Tender is the Night by F. Scott Fitzgerald (Scribners orig. pub. 1934).
Tender is the Night is a recent read. I still haven't totally processed my thoughts. I wanted to like this book so badly, which is probably why I felt disappointed. I am such a fan of Gatsby, but this one felt disjointed and random to me, and a bit of a struggle to read.


Villa America by Liza Klaussmann (Doubleday Canada, 2015).
 By contrast to Tender, I quite enjoyed Villa America, an historical fiction set during the same time period (French Riveria 1920's). American ex-pats, Sara and Gerald Murphy (the subjects of Fitzgerald's dedication for Tender) hold court for the Lost Generation at their seaside home. The Paris Wife got me intrigued with this time period, and Villa added new characters that I wasn't aware of. I found the start a little slow, but happy that I stuck with it. 

Next up? I have just begun Dead Wake by Erik Larson. My husband recently finished it and gave it a thumbs-up. We are both huge fans of Larson's work. I am saving a couple titles for those long summer days when I can read slowly - poolside, at the beach, on a train, or in the shade of my backyard. Cold drink in hand, naturally.

I would like to thank Carrie of There's A Book For That for hosting the Must Read meme. Carrie is such a wonderful book resource, and I appreciate the inspiration she provides to keep writing about my reading. You can check out the progress of the whole Must Read community in the comments section of her Must Read post on her blog.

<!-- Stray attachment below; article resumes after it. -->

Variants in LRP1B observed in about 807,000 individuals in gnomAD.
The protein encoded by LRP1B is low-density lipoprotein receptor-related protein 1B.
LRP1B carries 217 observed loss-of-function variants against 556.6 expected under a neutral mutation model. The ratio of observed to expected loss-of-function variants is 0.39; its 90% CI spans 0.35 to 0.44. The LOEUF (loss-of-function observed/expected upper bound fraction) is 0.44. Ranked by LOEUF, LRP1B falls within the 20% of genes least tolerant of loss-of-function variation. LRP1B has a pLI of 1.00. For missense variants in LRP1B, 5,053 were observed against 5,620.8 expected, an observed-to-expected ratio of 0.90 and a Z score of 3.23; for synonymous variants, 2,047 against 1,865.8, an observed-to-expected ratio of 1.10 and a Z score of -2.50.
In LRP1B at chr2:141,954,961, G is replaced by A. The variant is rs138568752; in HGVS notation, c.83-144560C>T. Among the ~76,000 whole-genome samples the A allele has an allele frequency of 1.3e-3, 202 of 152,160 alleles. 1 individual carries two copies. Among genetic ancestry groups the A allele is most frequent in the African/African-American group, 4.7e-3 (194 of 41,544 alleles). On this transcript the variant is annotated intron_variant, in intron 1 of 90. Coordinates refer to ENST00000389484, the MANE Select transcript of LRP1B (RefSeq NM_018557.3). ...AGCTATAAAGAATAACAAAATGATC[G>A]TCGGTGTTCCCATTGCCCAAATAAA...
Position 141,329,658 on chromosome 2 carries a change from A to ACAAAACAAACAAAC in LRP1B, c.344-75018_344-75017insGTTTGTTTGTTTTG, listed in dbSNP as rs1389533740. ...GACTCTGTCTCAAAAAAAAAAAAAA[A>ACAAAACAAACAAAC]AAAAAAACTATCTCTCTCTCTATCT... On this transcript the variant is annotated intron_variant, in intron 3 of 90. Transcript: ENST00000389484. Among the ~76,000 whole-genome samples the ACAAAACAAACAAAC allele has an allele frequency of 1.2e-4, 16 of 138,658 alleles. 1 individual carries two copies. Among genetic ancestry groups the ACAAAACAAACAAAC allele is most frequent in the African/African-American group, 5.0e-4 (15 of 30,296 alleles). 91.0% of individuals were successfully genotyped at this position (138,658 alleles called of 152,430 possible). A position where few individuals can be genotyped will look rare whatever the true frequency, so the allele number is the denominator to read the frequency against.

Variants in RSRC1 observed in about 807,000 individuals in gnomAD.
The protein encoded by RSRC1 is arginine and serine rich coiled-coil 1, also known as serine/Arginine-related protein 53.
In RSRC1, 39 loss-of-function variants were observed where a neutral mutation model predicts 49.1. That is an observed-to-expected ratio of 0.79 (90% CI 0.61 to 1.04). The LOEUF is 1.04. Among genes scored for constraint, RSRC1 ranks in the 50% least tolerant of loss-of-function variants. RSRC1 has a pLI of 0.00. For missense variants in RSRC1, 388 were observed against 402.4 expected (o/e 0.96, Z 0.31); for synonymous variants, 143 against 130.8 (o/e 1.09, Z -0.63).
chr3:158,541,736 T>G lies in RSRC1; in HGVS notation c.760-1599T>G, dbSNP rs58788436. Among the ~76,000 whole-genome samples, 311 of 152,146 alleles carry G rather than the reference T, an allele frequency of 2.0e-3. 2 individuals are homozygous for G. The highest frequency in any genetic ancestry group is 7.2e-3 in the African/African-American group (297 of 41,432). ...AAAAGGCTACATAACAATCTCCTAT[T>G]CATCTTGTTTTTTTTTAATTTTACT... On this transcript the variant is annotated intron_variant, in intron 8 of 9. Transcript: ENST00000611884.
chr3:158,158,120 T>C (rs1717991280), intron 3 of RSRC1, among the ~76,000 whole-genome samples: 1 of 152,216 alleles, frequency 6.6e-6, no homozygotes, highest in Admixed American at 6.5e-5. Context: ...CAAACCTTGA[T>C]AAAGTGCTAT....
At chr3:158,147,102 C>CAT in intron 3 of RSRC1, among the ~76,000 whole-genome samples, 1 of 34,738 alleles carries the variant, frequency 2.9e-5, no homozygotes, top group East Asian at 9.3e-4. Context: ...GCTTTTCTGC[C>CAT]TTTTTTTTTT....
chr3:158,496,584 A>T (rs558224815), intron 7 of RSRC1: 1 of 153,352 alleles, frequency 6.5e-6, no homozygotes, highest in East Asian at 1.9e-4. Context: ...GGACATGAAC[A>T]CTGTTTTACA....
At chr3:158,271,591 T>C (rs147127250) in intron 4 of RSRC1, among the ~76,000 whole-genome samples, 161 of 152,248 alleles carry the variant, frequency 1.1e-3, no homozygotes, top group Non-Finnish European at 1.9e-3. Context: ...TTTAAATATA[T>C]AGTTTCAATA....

Monday, March 7, 2016

The Widow: a psychological thriller by Fiona Barton

Are you ready for a character-driven, can't-put-down, psychological crime tale? Are you a fan of the British crime drama Broadchurch, and looking for a novel that recreates that tone and experience? A recent reading from debut novelist, Fiona Barton, makes me think that this is what you're looking for.



As a journalist, Fiona Barton was intrigued by the people who existed just on the edge of the story, and this is what she turns to in The Widow.

Jean Taylor is that character - the wife of suspected pedophile Glen Taylor. And although the main story may appear to be about Glen and his possible involvement in the disappearance of young Bella Elliott, what the reader spends the whole book trying to learn is what and how much does Jean know. Who is Jean Taylor, really? A victim? An enabler? Or something worse?

Ms. Barton had intended Jean to be the only narrator in The Widow; however, she soon discovered that other points of view were necessary in order for the story to progress. In the end, five narrators are used throughout the four-year timeline: the determined reporter, Kate Waters; focused detective, Bob Sparkes; inconsolable young mother, Dawn Elliott; and Glen and Jean Taylor, separately. Only Jean's voice is presented in first-person narrative. The other narrators, their voices in third-person, add the building blocks of the story and are rich characters in their own right.